For me, the Saints' loss only strengthens the argument the league shouldn't automatically reward a division winner with a home game when it has an inferior record than its wild-card opponent (let alone a vastly inferior record). New Orleans (11-5) should have gleaned some sort of advantage for having finished four games better in a stronger division than the one Seattle won at 7-9.
But I realize that proponents of leaving the current playoff seeding format as is came away from Saturday's Seahawks upset believing it proved their point as well. I just happen to think Seattle's home-field advantage was one of the key deciding factors in its memorable win, and it was too big of an advantage for a team that didn't accomplish anywhere near as much as its opponent did in the regular season.
• Explain this to me: The NFL rushes in to change the overtime format in the playoffs when the coin flip results show a less than 10 percent swing in terms of favoring the team that wins the toss, and is rarely a factor in the postseason any way.
But in this weekend's first round of the playoffs, seeding by records rather than division winners and wild cards would have resulted in having four different home teams -- and that's not seen as a significant enough competitive advantage issue to address? How twisted is that logic?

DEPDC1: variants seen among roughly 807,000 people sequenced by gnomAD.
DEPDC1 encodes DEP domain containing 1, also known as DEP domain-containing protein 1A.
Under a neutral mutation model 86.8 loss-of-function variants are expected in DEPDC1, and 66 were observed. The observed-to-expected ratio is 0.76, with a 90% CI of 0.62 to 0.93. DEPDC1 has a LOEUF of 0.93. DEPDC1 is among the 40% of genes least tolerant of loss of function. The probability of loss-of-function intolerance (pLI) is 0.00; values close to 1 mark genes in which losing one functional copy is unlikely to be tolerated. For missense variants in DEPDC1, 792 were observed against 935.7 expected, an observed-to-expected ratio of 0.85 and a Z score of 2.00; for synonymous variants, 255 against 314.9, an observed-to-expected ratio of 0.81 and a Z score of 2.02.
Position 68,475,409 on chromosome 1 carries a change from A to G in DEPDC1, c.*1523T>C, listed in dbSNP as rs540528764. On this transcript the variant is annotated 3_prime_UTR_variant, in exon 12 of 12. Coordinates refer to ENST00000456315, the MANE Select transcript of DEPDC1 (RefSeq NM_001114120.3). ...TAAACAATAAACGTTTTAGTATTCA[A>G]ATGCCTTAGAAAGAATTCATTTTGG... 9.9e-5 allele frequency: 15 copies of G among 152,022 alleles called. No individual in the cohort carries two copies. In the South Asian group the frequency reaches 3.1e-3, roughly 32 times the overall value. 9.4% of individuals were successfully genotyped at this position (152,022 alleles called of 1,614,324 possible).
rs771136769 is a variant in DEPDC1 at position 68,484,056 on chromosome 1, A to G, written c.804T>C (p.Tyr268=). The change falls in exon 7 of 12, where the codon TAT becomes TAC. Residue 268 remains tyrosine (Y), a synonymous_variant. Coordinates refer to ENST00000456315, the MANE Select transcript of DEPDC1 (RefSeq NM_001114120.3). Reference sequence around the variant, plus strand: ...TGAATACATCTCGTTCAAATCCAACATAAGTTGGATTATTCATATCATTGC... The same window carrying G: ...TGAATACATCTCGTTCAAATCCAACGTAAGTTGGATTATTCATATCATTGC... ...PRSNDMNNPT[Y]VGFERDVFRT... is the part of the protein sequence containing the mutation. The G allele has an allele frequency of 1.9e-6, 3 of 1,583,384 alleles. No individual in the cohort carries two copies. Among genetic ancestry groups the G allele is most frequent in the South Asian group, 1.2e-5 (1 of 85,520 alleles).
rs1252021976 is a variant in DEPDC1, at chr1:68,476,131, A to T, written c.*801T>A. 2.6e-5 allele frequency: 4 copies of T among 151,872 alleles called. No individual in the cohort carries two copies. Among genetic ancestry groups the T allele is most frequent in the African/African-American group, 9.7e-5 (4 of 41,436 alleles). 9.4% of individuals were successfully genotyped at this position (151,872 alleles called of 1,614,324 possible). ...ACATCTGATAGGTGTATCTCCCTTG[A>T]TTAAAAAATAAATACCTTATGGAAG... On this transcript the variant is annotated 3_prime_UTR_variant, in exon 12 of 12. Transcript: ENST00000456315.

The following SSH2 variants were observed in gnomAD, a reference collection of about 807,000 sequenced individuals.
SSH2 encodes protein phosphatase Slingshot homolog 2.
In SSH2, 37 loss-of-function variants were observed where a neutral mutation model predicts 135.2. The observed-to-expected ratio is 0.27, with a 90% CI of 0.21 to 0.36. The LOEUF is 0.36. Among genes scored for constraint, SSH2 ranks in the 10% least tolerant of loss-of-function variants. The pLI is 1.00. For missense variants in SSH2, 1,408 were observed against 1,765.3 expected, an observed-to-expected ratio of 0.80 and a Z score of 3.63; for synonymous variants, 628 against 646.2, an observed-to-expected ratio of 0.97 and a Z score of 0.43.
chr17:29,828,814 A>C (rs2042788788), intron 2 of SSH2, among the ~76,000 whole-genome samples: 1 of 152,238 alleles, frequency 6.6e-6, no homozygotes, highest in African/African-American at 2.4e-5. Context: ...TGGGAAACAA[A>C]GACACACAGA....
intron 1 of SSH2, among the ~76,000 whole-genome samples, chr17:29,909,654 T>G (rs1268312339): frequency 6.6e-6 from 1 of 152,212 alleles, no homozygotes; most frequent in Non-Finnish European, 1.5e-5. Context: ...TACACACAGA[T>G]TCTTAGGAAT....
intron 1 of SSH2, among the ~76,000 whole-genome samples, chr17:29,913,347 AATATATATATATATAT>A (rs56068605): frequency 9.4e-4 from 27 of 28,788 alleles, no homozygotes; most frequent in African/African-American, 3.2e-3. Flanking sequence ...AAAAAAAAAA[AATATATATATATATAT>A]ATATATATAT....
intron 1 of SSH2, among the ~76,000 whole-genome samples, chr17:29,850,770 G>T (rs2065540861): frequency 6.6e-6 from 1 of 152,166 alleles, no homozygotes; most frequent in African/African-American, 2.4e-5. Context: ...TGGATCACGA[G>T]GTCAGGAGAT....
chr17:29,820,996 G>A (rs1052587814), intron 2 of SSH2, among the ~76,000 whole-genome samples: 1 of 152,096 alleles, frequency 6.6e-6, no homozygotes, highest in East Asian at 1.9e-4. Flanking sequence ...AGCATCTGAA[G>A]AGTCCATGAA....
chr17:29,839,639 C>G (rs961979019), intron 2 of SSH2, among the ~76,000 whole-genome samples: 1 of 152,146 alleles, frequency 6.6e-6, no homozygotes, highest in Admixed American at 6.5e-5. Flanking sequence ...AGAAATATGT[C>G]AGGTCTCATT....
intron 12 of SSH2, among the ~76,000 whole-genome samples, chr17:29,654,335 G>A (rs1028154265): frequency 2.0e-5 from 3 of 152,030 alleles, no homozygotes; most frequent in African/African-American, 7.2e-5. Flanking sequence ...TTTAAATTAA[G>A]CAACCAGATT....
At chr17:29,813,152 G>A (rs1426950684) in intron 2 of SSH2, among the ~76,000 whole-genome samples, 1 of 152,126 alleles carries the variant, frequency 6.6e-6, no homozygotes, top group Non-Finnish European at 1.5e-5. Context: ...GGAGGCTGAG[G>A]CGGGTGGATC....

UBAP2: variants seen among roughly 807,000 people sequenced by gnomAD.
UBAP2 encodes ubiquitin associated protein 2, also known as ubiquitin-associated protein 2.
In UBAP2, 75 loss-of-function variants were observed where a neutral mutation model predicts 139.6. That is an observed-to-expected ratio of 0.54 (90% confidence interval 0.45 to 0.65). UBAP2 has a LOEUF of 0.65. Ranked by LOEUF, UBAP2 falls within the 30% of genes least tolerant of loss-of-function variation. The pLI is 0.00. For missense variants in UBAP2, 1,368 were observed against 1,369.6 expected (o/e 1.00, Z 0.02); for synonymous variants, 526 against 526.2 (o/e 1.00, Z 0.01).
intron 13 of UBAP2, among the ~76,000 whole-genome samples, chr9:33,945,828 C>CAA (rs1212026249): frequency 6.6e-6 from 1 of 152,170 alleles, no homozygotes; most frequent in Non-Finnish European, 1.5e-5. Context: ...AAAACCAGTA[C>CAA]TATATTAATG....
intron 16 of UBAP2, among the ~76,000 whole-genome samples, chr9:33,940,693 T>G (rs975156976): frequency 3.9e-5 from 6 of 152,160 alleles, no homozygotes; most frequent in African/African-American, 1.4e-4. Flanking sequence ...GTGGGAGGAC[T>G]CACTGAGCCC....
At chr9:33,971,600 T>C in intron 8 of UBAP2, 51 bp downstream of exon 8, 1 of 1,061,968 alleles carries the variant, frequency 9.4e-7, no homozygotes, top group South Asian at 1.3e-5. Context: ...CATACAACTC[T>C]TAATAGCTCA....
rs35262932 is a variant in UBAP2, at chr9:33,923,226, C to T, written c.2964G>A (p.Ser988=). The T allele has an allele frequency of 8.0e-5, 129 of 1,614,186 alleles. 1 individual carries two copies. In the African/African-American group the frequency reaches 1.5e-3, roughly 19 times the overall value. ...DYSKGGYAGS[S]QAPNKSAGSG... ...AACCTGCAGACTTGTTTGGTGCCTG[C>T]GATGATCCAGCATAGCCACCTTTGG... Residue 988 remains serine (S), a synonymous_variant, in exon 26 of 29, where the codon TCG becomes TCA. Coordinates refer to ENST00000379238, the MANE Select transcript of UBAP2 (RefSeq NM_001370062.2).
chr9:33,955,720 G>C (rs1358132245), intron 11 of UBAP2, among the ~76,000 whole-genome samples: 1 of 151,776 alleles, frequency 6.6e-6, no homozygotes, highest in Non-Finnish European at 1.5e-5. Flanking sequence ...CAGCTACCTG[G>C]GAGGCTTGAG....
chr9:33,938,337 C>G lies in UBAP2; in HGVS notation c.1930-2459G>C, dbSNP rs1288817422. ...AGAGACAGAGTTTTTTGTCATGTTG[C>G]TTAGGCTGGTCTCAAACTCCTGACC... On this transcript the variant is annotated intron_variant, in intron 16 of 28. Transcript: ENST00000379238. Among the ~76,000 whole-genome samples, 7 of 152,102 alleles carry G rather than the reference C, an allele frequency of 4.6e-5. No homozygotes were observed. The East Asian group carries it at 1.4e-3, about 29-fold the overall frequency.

• The Saints had three false start penalties in Seattle, and that has always been a big part of the Seahawks' crowd noise advantage, as is the case in New Orleans's Superdome. Since the start of the 2005 season, Seahawks opponents have committed a league-high 107 false starts at Qwest Field.
Again, I've got no problem with a home-field advantage. It has always been a big part of playoff football. But you should have to earn it with your play in the regular season, not just be awarded it because the rules have always been that way in the past.